The Golden Cage Promoters Discuss Their Vision for Italian MMA

By Tudor Leonte Jan 7, 2021

In 2021, Italian MMA hopes to see some much-desired light after several dark months.

The first Italian promotion to break the ice in the new year will be The Golden Cage, which will hold its third event on Feb. 6. The event will go down behind closed doors at the Heaven Fight Arena, the home of the Aurora MMA team, and it will be headlined by a welterweight championship clash between Leonardo Damiani and Marco Saccaro.

Sherdog spoke with the two minds behind the upcoming Golden Cage event. The first was Luigi Perillo, the founder of Icon Holding. He recollected that his adventure with MMA started after watching UFC 1 on videotape, instantly falling in love with the sport. Over the years, his passion for MMA grew into a business opportunity called The Golden Cage.

"The Golden Cage is a concept that I developed with two of my former business partners,” Perillo said. “We took the idea of a traditional MMA card and added some musical interludes. The final result was a sort of Cirque du Soleil-esque event where there were no dead moments, and the public's attention was high. The general audience welcomed this format, but many insiders and hardcore fans criticized it. We aimed to bring new people to MMA using different ways of entertainment. Do you know what’s funny? Now I see big MMA brands doing the same thing, inviting rappers, influencers, celebrities to increase the public.”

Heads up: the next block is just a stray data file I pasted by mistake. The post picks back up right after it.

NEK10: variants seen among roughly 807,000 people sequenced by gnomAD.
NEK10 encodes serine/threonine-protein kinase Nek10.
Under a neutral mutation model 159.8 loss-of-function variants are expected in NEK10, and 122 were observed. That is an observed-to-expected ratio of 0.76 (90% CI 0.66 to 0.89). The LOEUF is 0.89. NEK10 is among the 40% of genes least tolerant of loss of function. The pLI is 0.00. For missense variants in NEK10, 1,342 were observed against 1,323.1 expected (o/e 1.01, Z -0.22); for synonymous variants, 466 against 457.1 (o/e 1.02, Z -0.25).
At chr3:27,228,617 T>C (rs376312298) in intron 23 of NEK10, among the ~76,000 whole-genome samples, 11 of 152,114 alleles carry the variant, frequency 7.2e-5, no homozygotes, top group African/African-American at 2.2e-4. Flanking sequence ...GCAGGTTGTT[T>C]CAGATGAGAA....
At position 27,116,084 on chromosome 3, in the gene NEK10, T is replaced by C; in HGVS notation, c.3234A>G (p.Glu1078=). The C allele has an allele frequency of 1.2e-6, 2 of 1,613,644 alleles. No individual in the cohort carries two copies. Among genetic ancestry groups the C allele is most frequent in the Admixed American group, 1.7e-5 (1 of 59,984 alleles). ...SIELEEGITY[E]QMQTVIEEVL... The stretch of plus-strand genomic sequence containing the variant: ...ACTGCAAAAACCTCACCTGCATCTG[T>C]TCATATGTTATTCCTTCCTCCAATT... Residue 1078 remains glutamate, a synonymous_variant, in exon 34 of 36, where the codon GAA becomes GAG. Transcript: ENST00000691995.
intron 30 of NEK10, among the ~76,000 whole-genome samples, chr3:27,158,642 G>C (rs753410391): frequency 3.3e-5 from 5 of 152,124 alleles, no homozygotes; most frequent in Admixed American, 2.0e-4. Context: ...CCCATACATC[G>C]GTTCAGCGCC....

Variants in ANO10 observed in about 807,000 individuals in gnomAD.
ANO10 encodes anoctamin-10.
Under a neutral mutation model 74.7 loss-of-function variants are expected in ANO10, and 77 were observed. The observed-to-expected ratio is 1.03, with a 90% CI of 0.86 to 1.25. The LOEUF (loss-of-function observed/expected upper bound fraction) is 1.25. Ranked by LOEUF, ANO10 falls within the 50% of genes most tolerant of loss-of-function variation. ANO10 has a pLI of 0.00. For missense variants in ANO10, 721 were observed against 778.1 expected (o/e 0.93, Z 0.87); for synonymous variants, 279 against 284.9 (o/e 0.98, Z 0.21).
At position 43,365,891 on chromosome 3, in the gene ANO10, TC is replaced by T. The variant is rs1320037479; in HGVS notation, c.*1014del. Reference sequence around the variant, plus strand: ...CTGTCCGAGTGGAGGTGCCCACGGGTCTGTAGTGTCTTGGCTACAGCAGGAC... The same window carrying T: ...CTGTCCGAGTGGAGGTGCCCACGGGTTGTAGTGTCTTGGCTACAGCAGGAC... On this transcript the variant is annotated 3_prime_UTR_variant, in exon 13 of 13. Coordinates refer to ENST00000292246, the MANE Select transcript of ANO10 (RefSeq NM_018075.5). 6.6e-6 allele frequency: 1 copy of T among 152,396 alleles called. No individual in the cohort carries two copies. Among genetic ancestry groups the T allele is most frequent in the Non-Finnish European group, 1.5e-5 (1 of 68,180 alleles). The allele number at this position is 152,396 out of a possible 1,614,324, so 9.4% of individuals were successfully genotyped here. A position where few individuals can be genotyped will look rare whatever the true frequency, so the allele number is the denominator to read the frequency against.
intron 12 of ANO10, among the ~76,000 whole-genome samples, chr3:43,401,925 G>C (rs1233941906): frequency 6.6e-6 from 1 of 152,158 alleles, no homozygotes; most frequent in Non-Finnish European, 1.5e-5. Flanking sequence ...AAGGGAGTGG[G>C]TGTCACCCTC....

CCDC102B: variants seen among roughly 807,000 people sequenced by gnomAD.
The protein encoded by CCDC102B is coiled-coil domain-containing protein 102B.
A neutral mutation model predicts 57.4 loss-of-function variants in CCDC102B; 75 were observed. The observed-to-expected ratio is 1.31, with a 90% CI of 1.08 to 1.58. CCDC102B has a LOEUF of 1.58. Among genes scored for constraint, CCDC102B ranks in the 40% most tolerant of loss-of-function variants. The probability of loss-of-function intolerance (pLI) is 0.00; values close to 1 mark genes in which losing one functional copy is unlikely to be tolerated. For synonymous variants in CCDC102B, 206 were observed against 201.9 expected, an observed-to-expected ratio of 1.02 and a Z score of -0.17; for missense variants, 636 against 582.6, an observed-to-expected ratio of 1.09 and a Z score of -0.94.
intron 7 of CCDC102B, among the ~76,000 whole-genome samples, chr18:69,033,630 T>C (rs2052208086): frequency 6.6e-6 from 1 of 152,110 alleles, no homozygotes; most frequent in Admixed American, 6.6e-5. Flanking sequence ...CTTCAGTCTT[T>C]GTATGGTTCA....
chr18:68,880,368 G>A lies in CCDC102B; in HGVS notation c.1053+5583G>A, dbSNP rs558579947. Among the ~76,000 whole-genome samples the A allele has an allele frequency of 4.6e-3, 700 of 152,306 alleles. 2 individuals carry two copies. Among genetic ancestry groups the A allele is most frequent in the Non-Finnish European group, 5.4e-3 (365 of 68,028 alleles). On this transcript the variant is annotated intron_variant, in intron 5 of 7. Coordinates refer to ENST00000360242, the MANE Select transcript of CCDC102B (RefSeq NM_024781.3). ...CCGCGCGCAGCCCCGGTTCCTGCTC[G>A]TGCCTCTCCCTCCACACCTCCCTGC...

The Golden Cage appeared to be an excellent opportunity to enlarge the scope of mixed martial arts in Italy. In the past, some of the country’s more famous rappers took the stage to perform. While its sophomore event fell short of selling out the 4,000-seat arena, it delivered a card that rivaled 2016’s Venator FC 3, which is considered the quintessential Italian MMA production.

“As a Fortune 500 businessman, I dealt with the upper segment of finance managing some large corporations, including Tandy Corp., RadioShack, Hitachi,” The Golden Cage co-promoter Steve Dapper said. “I come from a highly speculative business world. When Luigi talked to me about his idea, I thought it needed some structure to be more relevant in an international setting. He showed me numbers and things I needed to know for me to develop a strategy, which grew up a series of initiatives that, from time to time, we started putting forward to achieve our goals. I wasn’t into MMA at all at first. I needed to learn how it worked, its politics, the dirt in it, and all of those crappy things that make up every business. There’s no difference between MMA and any other business. When there’s money involved, there are interests.”